WASHINGTON (Reuters) - A former spokesman for the U.S. Drug Enforcement Administration on Thursday pleaded guilty to orchestrating an elaborate scheme in which he collected millions of dollars by falsely claiming to be a covert intelligence officer.
Garrison Courtney, a DEA spokesman from 2005 to 2009, pleaded guilty to wire fraud in a court hearing before U.S. District Judge Liam O’Grady in Alexandria, Virginia.
Courtney, 44, defrauded at least a dozen companies of over $4.4 million by posing as a Central Intelligence Agency officer, the Justice Department said in a statement.
Courtney told the companies they needed to hire him to create “commercial cover” masking his supposed CIA affiliation, prosecutors said.
Courtney falsely told the companies, which were not identified in court documents, that they would be reimbursed for these salary payments to him, sometimes by the award of lucrative U.S. government contracts, prosecutors said.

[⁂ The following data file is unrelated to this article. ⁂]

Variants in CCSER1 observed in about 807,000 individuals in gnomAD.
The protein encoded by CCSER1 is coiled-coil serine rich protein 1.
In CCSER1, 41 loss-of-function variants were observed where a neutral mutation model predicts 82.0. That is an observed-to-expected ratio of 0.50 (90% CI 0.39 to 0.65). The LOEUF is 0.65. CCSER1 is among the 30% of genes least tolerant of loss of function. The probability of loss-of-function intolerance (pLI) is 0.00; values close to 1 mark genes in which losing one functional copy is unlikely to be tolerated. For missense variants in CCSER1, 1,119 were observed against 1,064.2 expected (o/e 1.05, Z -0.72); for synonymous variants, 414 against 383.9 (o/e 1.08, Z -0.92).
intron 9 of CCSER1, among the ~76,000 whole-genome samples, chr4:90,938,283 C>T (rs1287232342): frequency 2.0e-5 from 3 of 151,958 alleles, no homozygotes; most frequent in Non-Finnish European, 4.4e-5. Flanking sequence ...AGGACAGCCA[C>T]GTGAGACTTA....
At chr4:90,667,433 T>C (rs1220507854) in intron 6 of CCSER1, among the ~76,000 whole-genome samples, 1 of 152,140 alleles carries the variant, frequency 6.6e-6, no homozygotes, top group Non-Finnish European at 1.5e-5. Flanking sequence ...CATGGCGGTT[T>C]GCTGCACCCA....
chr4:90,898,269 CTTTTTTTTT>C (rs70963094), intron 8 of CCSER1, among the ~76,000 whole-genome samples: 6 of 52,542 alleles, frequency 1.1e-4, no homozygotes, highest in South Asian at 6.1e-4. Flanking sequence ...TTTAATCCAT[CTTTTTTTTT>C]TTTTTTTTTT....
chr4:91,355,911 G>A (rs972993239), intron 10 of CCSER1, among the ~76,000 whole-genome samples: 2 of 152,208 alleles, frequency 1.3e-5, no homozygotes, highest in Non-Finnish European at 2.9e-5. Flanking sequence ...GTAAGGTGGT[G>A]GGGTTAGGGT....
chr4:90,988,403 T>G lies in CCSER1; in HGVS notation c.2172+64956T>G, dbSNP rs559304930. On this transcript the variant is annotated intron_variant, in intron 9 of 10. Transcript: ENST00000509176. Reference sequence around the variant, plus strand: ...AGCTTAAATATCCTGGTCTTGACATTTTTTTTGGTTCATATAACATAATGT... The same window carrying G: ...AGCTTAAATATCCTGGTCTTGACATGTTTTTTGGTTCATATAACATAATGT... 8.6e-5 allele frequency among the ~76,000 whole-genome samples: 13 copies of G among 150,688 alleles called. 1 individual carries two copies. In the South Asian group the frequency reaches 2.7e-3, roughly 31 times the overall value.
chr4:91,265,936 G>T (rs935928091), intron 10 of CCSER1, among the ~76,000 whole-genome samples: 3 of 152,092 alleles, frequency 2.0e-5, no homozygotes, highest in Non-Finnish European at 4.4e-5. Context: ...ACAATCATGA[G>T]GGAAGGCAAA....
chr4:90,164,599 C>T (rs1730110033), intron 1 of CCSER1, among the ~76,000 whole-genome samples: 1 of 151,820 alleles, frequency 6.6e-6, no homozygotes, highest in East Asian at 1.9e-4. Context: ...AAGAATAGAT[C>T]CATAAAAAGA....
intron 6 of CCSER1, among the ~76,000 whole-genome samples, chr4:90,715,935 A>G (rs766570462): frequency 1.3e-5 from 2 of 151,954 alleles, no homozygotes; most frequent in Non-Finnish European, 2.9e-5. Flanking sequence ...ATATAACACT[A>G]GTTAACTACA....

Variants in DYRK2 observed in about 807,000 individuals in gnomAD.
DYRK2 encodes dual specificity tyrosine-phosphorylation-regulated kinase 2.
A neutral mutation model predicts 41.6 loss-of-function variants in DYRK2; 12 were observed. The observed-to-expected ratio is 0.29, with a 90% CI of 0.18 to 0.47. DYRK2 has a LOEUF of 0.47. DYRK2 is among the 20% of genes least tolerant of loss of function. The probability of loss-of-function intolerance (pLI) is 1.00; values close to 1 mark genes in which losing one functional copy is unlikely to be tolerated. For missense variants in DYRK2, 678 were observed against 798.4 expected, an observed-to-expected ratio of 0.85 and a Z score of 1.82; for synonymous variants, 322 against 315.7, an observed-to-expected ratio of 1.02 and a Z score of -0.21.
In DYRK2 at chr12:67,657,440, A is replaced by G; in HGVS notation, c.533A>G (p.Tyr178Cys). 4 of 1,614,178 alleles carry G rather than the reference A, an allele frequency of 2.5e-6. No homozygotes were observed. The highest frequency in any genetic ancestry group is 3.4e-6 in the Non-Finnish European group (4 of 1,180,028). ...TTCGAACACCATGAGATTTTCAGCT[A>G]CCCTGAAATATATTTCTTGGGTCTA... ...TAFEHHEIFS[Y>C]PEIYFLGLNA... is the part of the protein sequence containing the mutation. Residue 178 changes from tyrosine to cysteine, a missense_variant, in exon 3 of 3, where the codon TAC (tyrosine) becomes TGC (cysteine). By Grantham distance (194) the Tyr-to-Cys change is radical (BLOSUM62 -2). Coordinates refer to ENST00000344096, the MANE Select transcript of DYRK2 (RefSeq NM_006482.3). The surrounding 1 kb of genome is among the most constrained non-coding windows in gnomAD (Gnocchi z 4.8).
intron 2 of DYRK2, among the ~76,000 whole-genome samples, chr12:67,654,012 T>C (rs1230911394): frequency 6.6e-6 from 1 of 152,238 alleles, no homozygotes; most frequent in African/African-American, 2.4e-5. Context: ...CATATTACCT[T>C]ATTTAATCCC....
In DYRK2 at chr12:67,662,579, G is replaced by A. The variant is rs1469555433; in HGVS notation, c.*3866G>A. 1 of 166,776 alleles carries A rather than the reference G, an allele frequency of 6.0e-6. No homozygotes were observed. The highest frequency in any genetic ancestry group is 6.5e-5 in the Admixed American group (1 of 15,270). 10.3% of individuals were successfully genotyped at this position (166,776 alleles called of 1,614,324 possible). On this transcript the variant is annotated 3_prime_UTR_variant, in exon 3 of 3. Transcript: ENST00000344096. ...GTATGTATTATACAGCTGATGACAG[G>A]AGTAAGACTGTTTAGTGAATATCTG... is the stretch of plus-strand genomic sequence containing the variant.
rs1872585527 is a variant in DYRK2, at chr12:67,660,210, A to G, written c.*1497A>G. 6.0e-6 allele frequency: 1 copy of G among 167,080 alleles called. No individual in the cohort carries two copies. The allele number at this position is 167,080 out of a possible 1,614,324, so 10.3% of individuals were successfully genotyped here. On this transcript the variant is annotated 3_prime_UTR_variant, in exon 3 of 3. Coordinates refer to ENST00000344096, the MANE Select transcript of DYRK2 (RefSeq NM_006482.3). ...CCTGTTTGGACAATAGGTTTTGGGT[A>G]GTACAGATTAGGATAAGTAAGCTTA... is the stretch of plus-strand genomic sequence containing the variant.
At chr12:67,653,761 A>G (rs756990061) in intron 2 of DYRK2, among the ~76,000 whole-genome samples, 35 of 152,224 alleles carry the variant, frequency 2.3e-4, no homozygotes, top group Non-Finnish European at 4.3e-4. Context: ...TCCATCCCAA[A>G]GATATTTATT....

The Justice Department said Courtney “went to extraordinary lengths to perpetuate the illusion that he was a deep-cover operative,” including telling victims of the scheme that they were under surveillance by foreign intelligence services and directing them to sign fake nondisclosure agreements purportedly from the U.S. government.
Courtney also created a fraudulent back story for himself, falsely claiming to have to served in the U.S. Army during the Gulf War and to have killed hundreds of people during combat, prosecutors said.
Courtney also duped unidentified government officials into thinking he was participating in a covert intelligence operation, prosecutors said. He then used those officials as “unwitting props” that made him seem more legitimate, the Department said.
O’Grady said he would hold a hearing in October to determine Courtney’s prison sentence.
Reporting by Mark Hosenball and Jan Wolfe; Editing by Chizu Nomiyama and Dan Grebler